TikTok left a military enterprise with no energy to develop

TikTok’s data centers already rival the military industry in its hunger for energy
(photo: Green Mountain)

The popular short video service TikTok has proven to be a threat to Norway’s national security. The new data center of the social network “took” the energy needed for a military enterprise in the country.

Norwegian-Finnish munitions, jet engine and space equipment company Nammo has accused TikTok of hindering its potential expansion due to power shortages. The new data center, of which the Chinese video app is a major customer, uses all of the region’s excess electricity.

“We are concerned that our future growth is being hindered by the storage of cat videos,” Nammo’s chief executive told the Financial Times.

Norwegian data center operator Green Mountain is building a new campus for TikTok: three 30MW units will be commissioned by November 2023, and two more of the same units are expected to be operational by 2025. Construction is underway in Hamar, 25 km from Raufos, where Nammo’s factory is located.

Local energy company Elvia has confirmed that there is no spare capacity on the network, it is allocated on a first-come, first-served basis and has already been pledged to TikTok.

At the same time, demand for artillery shells is now more than 15 times higher than before, Nammo says. According to the company, Europe needs to invest 2 billion euros in new factories to meet demand in the EU and other countries.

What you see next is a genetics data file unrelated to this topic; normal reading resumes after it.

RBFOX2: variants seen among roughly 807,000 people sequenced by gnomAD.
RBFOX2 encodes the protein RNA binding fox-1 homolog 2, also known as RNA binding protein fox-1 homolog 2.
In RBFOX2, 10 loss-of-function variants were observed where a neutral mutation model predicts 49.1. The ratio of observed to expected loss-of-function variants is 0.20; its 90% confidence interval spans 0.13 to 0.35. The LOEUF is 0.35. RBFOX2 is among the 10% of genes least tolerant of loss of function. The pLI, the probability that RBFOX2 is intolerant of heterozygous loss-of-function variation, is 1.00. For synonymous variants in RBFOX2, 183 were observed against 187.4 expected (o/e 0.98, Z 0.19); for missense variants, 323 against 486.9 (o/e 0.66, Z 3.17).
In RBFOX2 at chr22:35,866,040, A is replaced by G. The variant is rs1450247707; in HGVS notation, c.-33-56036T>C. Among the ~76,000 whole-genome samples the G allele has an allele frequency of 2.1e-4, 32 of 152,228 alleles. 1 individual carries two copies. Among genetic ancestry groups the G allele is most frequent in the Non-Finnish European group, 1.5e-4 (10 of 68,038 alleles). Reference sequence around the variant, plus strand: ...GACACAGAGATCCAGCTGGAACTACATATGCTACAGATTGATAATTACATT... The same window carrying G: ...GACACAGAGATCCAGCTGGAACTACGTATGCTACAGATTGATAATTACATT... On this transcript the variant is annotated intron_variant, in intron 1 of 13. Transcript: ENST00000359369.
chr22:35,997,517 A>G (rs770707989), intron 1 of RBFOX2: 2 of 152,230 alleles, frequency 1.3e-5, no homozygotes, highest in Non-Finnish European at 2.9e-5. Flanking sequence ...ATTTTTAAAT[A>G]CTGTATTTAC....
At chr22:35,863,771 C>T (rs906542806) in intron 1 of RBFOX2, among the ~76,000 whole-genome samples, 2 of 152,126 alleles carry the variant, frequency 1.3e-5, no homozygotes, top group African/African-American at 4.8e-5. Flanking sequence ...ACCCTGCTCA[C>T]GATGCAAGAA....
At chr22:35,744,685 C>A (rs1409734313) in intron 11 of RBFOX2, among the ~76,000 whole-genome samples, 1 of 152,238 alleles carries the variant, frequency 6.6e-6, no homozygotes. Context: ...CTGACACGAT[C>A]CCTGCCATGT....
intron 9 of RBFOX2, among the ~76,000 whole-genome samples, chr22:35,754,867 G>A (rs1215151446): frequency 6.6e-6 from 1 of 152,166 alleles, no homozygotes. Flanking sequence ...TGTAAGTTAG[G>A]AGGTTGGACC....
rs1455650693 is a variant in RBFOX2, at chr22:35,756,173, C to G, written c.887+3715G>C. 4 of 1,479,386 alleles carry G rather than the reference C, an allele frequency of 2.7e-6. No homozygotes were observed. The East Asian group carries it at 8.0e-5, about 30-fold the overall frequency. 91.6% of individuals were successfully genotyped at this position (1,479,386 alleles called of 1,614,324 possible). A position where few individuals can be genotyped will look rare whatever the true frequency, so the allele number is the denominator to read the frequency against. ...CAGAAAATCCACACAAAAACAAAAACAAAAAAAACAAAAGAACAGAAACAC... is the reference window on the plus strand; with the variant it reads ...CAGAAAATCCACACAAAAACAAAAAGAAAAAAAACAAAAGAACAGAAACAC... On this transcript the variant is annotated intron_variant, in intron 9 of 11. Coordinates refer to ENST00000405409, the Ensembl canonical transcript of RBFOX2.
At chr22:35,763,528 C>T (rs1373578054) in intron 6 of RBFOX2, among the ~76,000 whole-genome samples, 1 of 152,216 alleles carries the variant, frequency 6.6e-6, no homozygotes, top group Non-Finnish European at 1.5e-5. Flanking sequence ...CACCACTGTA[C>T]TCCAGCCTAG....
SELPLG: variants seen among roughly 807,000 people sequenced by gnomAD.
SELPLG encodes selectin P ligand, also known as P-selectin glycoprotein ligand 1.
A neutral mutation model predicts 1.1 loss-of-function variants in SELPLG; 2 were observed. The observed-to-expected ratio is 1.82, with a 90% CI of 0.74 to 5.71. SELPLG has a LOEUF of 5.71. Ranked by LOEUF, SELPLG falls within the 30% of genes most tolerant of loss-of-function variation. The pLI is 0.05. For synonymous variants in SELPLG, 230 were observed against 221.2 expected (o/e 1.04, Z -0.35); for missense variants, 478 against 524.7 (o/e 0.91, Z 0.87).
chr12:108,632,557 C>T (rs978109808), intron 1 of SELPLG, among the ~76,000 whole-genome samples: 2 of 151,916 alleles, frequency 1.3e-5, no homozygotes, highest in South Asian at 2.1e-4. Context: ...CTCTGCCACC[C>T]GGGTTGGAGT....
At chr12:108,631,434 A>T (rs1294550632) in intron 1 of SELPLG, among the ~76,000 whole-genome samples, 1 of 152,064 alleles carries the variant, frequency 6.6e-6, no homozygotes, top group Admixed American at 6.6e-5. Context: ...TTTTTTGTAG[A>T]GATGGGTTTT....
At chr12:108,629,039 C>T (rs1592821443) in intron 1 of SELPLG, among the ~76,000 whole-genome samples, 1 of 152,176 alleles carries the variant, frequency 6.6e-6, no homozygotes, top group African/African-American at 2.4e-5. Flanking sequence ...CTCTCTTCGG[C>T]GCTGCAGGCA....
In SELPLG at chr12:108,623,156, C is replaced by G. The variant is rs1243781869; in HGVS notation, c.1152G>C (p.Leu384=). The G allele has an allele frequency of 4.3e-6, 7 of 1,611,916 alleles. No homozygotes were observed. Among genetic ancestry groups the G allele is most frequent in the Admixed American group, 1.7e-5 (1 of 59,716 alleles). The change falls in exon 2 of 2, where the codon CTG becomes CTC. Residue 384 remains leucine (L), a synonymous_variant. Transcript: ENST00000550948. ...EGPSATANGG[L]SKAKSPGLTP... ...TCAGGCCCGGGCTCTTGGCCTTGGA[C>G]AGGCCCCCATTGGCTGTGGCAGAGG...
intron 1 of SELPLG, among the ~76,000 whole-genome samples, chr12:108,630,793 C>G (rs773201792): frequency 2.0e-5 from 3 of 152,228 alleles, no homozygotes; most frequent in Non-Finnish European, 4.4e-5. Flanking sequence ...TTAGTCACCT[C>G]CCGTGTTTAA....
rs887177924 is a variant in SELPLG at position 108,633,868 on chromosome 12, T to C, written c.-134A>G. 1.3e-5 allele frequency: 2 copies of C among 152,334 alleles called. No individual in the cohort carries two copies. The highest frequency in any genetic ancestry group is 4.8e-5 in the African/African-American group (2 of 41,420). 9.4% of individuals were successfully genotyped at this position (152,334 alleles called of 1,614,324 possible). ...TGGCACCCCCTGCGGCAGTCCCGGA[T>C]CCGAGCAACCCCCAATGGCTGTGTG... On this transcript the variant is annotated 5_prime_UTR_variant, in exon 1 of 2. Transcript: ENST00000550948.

“We are seeing exceptional demand for our products, which has never been seen in our history,” says Nammo. In the current situation, this conflicts with Norway’s plans to become a “fantastic location” for data centers.

Local authorities are promising to facilitate Nammo’s expansion plans as it is in the national interest for the company to grow. Nammo’s head points to the need to prioritize industries that will have special access to energy. “For Europe, this is a serious problem: critical industries must have access to energy,” he says.

Experts predict an escalation of the struggle for priority access to energy across Europe. While data centers have been able to draw cheap electricity in the Nordics, benefiting from a colder climate that lowers cooling costs, the battery sector and the steel industry are also flocking to the Nordics due to the transition to clean energy. And this will lead to increased competition for access to energy.

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